The mechanism underlying this phenomenon is almost certainly the unloading effect of general anesthesia. Arterial and venous vasodilatation decrease afterload and preload, respectively. Although the effects of afterload on MR are generally well recognized, the effects of preload are underappreciated and may in fact be more important. Functional MR is a dynamic phenomenon resulting from poor leaflet coaptation. Increased preload results in left atrial, left ventricular, and annular dilatation, which decreases the degree of coaptation and worsens MR. Grewal et al documented decreased end-diastolic and end-systolic volumes under general anesthesia that support the role of altered loading conditions in this phenomenon.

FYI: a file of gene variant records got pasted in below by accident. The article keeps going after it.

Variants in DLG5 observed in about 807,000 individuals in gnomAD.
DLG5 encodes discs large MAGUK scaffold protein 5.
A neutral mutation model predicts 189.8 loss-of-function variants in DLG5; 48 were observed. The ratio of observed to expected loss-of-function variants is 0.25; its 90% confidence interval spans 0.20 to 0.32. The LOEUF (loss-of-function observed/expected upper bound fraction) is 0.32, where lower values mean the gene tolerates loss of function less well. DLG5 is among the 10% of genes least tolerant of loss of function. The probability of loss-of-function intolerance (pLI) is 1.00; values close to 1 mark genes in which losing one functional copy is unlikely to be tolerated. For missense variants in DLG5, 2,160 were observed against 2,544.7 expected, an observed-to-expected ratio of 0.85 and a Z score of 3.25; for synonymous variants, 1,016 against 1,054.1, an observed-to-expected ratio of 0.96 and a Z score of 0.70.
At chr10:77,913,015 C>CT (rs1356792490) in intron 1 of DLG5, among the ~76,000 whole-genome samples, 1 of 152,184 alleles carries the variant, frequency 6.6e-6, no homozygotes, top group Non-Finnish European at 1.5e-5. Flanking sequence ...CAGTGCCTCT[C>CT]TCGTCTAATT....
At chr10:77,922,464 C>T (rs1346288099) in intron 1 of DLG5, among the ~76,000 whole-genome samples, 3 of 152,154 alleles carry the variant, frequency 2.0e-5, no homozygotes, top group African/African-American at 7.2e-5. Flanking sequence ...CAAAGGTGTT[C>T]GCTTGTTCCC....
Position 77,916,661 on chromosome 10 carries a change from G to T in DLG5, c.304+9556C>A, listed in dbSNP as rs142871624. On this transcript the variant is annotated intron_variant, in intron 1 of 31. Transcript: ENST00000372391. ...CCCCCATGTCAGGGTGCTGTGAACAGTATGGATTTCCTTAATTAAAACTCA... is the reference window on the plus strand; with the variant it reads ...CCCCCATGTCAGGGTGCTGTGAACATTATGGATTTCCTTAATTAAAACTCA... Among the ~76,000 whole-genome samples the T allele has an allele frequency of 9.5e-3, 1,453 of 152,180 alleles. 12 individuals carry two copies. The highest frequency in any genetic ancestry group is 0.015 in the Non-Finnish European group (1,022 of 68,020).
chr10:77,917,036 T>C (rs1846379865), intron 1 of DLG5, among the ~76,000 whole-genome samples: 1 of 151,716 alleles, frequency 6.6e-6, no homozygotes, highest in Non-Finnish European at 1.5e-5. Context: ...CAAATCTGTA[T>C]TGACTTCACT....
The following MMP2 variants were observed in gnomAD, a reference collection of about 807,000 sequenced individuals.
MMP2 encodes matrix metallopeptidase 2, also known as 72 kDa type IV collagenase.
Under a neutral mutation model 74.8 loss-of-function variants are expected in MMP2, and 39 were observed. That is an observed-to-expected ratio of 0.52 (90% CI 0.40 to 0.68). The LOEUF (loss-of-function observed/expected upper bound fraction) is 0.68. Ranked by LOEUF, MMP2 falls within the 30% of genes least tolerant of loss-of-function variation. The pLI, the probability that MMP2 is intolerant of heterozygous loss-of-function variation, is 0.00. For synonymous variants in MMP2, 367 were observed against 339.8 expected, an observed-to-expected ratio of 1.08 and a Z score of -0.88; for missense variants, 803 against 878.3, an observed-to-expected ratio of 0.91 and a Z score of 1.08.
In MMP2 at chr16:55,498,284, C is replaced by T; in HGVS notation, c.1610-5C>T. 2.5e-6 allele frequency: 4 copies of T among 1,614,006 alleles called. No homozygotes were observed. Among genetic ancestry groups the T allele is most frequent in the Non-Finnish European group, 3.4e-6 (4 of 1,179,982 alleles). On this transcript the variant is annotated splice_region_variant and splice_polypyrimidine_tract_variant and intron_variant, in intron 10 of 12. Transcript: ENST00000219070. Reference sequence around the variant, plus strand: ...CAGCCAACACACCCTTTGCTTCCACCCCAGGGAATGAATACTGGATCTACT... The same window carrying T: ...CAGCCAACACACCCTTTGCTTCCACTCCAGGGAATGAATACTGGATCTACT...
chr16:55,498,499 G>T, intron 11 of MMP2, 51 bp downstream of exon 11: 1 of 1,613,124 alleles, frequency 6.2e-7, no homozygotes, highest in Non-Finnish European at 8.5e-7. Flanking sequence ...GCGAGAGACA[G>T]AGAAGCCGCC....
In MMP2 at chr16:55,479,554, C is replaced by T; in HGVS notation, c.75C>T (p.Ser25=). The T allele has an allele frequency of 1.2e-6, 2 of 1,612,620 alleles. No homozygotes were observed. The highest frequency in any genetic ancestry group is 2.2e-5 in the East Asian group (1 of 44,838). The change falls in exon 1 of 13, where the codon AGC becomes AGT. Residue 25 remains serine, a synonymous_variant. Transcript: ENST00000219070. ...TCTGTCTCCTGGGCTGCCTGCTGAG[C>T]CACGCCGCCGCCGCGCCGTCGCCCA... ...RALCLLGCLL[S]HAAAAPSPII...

Our results show a more dramatic downgrading effect than either of these studies. This may be related to several factors. All of our patients had functional MR, whereas the other studies included patients with flail leaflets who did not show any downgrading, which may have diluted the overall effect. In addition, our patients had a preoperative TTE or ventriculogram, whereas theirs had a preoperative TEE. Intravenous conscious sedation during preoperative TEE may have a mild unloading effect that may not be present on preoperative TTE.
Although this finding supports the use of careful preoperative echocardiography in patients scheduled for CABG with suspected MR, it does not diminish the importance and utility of intraoperative TEE in this setting. On the contrary, TEE can providing important detailed anatomic information. In addition, intraoperative TEE with provocative testing to increase both preload and afterload may clarify the physiological importance of the MR and assist with intraoperative decision making.7,20